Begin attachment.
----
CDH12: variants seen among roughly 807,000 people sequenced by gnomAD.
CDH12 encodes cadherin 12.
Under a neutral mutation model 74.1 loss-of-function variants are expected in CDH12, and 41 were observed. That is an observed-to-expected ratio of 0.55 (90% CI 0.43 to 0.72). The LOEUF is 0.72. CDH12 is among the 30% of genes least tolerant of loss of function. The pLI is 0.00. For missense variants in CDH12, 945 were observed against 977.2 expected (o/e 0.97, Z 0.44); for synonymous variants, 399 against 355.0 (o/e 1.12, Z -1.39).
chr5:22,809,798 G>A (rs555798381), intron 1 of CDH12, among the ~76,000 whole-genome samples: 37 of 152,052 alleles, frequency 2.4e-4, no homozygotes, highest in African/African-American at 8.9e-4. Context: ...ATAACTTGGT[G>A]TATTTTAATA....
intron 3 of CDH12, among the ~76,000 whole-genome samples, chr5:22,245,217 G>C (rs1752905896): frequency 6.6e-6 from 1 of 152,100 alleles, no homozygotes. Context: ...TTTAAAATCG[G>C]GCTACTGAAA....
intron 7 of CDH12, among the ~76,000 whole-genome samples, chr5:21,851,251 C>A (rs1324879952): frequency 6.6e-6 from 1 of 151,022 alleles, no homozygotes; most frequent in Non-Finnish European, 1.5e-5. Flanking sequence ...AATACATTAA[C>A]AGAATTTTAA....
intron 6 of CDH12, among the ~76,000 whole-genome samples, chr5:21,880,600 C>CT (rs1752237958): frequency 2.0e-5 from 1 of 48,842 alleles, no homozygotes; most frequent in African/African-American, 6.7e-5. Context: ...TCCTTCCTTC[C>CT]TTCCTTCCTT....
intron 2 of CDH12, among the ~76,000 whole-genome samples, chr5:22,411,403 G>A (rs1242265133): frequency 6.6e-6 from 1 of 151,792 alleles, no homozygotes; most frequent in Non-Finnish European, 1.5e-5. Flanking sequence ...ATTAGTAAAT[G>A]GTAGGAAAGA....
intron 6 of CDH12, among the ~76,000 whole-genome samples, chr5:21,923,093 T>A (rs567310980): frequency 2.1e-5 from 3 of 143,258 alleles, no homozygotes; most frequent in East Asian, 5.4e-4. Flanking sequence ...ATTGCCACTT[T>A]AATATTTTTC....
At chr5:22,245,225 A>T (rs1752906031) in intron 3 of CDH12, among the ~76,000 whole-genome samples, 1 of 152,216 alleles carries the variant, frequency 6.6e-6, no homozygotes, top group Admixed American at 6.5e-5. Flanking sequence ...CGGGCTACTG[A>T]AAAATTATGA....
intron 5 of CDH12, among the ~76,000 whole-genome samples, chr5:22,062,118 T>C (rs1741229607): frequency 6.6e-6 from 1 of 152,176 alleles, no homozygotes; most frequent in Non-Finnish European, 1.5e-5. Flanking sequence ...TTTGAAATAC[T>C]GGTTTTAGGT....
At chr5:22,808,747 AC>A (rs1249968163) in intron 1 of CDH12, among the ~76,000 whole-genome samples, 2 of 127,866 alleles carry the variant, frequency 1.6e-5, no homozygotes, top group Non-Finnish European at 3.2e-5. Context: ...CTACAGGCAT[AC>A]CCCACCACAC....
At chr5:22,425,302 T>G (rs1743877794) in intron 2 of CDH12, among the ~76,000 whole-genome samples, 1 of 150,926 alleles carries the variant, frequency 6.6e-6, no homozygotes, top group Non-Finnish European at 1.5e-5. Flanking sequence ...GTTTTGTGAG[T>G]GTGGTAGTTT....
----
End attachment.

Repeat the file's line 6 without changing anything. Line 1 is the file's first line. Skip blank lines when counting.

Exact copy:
intron 7 of CDH12, among the ~76,000 whole-genome samples, chr5:21,851,251 C>A (rs1324879952): frequency 6.6e-6 from 1 of 151,022 alleles, no homozygotes; most frequent in Non-Finnish European, 1.5e-5. Flanking sequence ...AATACATTAA[C>A]AGAATTTTAA....